Abstract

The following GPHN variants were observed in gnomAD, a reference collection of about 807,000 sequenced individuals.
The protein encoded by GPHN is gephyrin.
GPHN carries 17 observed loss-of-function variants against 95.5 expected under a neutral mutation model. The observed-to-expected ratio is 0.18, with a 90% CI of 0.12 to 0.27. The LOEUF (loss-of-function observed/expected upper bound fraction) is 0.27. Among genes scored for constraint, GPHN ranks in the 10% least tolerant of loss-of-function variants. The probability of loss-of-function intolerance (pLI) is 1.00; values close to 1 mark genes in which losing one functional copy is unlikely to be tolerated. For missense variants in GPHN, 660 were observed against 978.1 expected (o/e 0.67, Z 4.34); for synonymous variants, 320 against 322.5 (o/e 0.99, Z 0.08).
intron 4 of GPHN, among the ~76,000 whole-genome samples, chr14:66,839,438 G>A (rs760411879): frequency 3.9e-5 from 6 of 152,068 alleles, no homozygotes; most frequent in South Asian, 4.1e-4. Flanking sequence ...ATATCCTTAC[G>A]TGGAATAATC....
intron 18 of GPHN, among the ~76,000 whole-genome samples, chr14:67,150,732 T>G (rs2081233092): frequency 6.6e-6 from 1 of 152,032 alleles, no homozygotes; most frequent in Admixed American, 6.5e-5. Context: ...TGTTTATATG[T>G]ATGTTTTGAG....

The phenomenon of localized resonance in sedimentary basins with irregular basement topography (Rial et al., 1992) was recently independently confirmed by Moczo et al. (1996) in a numerical study that shows how a single, concave upwards trough in the basement of an otherwise horizontal layer of sediment overlying rock can give rise to localized resonance. In an effort to complement these studies this note turns to the opposite effect: localized de-amplification, as created by a convex section of the sediment/rock interface. It is shown here that de-amplification is indeed localized, being strongest directly above convexities in the basement whereby seismic risk should be substantially reduced. Further, it is found that even a small increase in topographic height of a convex segment of the sediment/rock interface can produce orders of magnitude decrease (nonlinear de-amplification) in ground motion amplitude at the site directly above it, especially if the contrast in elastic impedances between bedrock and sediment is high. Thus, it becomes possible, at least theoretically, to identify areas that will stand safe, as it is to identify areas of high seismic risk, provided the topography of the basement is known.

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